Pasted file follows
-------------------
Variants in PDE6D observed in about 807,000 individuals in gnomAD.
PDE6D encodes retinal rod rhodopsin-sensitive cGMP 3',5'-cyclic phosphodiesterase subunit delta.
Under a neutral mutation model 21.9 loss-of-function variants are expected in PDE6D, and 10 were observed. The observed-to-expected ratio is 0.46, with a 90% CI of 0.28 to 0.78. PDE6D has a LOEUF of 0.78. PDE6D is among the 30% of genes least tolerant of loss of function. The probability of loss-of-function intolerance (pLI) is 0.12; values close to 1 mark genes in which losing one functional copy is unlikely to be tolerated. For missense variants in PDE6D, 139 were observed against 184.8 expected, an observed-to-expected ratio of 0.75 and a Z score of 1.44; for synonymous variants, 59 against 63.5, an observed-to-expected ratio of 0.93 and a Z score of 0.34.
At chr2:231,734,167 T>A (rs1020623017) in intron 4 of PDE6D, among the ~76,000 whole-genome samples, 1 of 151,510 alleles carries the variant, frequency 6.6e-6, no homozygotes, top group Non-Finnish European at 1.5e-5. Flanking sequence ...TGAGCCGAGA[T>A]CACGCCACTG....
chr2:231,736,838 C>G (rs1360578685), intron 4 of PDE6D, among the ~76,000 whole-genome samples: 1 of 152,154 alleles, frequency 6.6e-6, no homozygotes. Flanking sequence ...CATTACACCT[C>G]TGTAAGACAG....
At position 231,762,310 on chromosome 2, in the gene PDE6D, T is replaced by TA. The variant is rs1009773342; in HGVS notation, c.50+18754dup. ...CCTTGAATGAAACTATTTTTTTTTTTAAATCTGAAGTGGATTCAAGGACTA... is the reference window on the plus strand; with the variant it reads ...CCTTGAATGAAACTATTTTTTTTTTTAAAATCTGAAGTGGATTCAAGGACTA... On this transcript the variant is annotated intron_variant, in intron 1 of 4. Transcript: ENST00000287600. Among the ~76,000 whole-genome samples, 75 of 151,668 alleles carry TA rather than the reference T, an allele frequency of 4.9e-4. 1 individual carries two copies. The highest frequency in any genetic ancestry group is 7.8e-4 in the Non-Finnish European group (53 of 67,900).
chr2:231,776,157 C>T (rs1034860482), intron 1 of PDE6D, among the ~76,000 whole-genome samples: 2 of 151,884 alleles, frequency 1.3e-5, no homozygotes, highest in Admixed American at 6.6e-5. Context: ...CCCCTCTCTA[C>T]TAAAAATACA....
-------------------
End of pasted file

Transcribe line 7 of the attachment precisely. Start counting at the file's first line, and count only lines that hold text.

chr2:231,776,157 C>T (rs1034860482), intron 1 of PDE6D, among the ~76,000 whole-genome samples: 2 of 151,884 alleles, frequency 1.3e-5, no homozygotes, highest in Admixed American at 6.6e-5. Context: ...CCCCTCTCTA[C>T]TAAAAATACA....